THE GOOD CITY: Writers Explore 21st-Century Boston

Emily Hiestand, Editor, Ande Zellman, Editor
Emily Hiestand, Editor, Ande Zellman, Editor . Beacon $14 (175p) ISBN 978-0-8070-7143-4
Reviewed on: 06/14/2004
Release date: 09/01/2004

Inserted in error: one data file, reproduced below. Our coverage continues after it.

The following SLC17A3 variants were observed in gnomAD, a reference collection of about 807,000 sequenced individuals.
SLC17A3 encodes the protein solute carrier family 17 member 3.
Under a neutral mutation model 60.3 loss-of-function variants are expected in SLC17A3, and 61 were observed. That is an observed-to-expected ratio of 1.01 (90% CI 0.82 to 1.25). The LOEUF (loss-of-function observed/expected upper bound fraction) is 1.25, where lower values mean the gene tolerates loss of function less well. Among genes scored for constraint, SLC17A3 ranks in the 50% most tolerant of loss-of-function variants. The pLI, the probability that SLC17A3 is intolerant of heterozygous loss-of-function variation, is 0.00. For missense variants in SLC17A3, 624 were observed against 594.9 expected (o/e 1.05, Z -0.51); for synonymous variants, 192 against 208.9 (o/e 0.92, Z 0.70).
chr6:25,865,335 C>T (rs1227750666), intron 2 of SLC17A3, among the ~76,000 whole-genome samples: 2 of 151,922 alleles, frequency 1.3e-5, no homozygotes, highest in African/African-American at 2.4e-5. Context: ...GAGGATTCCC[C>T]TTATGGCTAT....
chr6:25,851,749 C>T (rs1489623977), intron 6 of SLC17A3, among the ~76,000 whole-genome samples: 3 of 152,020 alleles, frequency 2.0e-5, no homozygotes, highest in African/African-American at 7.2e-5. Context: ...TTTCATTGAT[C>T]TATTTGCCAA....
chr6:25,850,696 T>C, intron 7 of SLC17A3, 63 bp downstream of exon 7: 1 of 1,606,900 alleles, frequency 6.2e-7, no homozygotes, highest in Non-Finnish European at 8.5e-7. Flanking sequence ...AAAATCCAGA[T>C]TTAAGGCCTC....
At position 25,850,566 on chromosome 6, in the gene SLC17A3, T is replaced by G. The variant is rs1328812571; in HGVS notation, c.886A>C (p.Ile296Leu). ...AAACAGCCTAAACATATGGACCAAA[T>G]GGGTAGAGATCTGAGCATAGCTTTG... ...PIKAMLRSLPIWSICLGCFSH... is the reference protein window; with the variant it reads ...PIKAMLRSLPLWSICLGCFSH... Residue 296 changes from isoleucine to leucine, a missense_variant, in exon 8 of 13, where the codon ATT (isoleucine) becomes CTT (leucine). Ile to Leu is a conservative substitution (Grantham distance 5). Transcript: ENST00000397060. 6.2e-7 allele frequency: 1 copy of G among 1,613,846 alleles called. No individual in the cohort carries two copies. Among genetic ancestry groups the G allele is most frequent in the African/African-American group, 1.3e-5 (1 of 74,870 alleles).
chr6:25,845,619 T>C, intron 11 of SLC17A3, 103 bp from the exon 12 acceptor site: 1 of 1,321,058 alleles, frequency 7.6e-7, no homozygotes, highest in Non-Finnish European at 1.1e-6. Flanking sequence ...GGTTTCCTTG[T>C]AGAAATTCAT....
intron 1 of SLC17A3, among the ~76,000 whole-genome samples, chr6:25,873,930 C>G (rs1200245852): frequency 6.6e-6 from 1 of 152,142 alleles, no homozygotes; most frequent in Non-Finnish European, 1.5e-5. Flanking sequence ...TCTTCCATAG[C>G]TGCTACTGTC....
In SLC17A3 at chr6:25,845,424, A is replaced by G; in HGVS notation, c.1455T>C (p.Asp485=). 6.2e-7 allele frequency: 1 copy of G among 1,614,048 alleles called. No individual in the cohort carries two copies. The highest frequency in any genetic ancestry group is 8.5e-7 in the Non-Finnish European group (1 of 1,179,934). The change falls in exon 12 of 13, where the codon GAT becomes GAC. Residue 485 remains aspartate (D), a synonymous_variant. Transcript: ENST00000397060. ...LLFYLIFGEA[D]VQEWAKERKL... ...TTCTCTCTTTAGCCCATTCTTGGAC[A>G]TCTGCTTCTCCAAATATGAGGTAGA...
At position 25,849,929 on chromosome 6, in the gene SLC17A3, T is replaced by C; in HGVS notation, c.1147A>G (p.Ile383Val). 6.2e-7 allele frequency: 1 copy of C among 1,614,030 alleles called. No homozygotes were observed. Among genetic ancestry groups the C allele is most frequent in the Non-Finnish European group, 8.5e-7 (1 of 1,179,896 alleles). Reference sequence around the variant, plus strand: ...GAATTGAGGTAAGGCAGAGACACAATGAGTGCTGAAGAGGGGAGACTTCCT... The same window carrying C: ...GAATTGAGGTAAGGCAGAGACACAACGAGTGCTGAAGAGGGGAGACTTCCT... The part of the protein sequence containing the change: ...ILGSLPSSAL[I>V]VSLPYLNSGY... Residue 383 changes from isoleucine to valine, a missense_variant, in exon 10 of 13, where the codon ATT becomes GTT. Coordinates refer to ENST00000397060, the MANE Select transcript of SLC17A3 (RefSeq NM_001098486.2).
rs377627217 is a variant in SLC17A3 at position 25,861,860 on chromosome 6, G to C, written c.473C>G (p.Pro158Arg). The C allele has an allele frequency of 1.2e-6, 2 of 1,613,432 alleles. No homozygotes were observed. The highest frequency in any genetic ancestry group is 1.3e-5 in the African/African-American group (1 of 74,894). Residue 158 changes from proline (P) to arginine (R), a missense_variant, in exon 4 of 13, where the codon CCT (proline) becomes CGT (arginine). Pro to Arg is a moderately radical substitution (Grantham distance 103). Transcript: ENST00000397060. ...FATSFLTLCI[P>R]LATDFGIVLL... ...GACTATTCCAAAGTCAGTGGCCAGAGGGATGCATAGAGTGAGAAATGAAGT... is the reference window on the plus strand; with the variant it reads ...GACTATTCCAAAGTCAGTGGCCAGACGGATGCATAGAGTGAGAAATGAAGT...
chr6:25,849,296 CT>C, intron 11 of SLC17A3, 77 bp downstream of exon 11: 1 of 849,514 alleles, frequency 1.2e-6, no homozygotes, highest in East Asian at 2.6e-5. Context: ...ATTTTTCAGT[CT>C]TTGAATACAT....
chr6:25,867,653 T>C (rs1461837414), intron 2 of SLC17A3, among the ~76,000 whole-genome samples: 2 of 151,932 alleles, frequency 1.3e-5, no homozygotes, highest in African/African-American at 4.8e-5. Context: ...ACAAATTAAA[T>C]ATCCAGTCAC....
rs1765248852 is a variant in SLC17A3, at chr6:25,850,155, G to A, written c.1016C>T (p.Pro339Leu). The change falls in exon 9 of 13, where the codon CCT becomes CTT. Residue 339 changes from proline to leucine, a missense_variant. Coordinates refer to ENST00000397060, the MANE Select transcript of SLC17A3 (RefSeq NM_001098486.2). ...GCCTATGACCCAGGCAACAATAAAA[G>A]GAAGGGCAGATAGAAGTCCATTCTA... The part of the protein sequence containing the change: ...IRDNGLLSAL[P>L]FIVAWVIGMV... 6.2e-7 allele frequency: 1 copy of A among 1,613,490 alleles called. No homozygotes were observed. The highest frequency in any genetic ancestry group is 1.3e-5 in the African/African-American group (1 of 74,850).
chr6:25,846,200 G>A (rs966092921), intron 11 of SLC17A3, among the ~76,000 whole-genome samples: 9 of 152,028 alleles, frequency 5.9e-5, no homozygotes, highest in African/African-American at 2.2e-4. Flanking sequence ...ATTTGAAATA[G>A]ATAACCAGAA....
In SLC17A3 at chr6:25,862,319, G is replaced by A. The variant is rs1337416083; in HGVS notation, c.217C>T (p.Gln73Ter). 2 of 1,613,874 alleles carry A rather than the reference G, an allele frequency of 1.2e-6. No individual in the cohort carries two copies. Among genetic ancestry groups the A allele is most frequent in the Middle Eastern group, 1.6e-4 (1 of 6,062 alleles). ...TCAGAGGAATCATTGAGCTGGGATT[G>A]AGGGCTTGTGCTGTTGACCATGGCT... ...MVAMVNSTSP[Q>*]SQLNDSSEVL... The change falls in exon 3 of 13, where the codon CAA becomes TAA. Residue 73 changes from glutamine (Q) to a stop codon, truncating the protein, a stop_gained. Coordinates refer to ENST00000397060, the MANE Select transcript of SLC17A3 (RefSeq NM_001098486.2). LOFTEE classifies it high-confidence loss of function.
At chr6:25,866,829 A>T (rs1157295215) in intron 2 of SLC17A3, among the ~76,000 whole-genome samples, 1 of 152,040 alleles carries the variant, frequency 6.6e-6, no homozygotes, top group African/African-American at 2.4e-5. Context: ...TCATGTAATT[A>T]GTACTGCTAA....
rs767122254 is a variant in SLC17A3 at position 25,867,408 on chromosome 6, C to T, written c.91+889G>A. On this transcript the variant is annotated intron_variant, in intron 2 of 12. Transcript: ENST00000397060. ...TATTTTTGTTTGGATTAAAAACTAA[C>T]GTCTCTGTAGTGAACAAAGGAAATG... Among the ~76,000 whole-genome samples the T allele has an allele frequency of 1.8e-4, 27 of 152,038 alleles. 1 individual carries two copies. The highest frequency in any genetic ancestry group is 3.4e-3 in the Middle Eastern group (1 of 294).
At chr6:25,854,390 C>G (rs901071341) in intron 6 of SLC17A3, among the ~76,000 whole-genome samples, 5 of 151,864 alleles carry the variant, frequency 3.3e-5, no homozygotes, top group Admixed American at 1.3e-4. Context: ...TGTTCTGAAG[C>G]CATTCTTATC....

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This slim volume of essays is the literary equivalent of meandering down Boston's crooked streets. Wander this way to relax beneath the Isabella Stewart Gardner Museum's "glass-roofed courtyard." Head that way to discover "a hive of innovation," where telegraphs were perfected, the telephone invented and general anesthesia first used. Saunter into the Frederick Olmstead–designed Emerald Necklace series of parks to enjoy "trees and shrubs, interwoven with meadows, community gardens, ponds and streams, and freshwater marshes in the midst of an urban setting." Of course, the city's ugly side is also here: busing riots and racism, gentrification and urban renewal, corrupt politics and a perennial also-ran baseball team. Hiestand (The Very Rich Hours ) and Zellman (formerly of the Boston Globe ) selected essays highlighting different facets of the Hub, such as Lynda Morgenroth's exploration of neighborhoods, John Hanson Mitchell's historical look at the Shawmut Peninsula and Irene Smalls's critique of what the city offers children. While those familiar with Boston will gain the most from this collection, these essays are larger than just one city. Curator Alan Chong's look at the Gardner Museum sheds light on private museums nationwide. Southie Michael Patrick McDonald rails against the "liberals" taking over his neighborhood, questioning gentrification even as he himself perpetuates it. The vibrancy and complexity of Boston shine through this work. (Sept.)

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